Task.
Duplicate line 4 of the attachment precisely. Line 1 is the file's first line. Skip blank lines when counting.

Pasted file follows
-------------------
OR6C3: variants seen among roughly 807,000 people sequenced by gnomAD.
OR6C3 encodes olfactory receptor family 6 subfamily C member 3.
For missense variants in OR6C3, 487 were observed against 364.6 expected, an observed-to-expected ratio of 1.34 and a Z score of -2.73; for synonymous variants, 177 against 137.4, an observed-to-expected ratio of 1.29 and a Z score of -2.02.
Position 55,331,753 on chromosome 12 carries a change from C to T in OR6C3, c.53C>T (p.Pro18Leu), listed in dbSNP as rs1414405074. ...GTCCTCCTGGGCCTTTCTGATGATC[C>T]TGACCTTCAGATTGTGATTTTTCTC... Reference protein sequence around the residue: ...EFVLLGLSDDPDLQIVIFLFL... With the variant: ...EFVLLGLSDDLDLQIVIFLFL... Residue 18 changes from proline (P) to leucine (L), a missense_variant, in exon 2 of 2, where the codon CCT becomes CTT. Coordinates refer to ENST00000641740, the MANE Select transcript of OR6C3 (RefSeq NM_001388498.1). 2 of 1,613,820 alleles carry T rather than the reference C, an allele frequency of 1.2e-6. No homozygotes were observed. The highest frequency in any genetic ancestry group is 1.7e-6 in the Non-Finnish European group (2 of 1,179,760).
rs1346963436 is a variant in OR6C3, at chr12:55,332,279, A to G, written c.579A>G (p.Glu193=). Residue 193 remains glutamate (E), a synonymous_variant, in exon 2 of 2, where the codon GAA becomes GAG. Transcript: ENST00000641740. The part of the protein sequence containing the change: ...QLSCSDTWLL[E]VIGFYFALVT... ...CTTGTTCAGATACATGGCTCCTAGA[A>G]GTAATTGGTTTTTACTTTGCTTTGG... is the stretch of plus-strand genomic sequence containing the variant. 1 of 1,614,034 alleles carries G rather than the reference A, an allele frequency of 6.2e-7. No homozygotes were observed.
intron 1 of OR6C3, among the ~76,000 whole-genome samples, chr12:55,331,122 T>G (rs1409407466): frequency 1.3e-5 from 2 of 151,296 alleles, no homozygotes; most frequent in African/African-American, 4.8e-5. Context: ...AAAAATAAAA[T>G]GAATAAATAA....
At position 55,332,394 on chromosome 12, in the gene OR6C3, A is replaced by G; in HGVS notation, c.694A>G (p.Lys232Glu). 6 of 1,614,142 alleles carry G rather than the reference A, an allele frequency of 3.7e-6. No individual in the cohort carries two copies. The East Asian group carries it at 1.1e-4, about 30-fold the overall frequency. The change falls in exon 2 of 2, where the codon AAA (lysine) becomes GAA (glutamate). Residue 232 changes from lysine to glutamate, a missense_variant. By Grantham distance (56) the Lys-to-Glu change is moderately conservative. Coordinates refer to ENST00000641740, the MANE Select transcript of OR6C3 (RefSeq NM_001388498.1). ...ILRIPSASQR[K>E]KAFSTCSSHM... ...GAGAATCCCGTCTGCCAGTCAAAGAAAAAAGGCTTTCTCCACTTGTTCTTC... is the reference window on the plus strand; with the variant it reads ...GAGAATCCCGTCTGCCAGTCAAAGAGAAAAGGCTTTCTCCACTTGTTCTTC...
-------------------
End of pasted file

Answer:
Position 55,331,753 on chromosome 12 carries a change from C to T in OR6C3, c.53C>T (p.Pro18Leu), listed in dbSNP as rs1414405074. ...GTCCTCCTGGGCCTTTCTGATGATC[C>T]TGACCTTCAGATTGTGATTTTTCTC... Reference protein sequence around the residue: ...EFVLLGLSDDPDLQIVIFLFL... With the variant: ...EFVLLGLSDDLDLQIVIFLFL... Residue 18 changes from proline (P) to leucine (L), a missense_variant, in exon 2 of 2, where the codon CCT becomes CTT. Coordinates refer to ENST00000641740, the MANE Select transcript of OR6C3 (RefSeq NM_001388498.1). 2 of 1,613,820 alleles carry T rather than the reference C, an allele frequency of 1.2e-6. No homozygotes were observed. The highest frequency in any genetic ancestry group is 1.7e-6 in the Non-Finnish European group (2 of 1,179,760).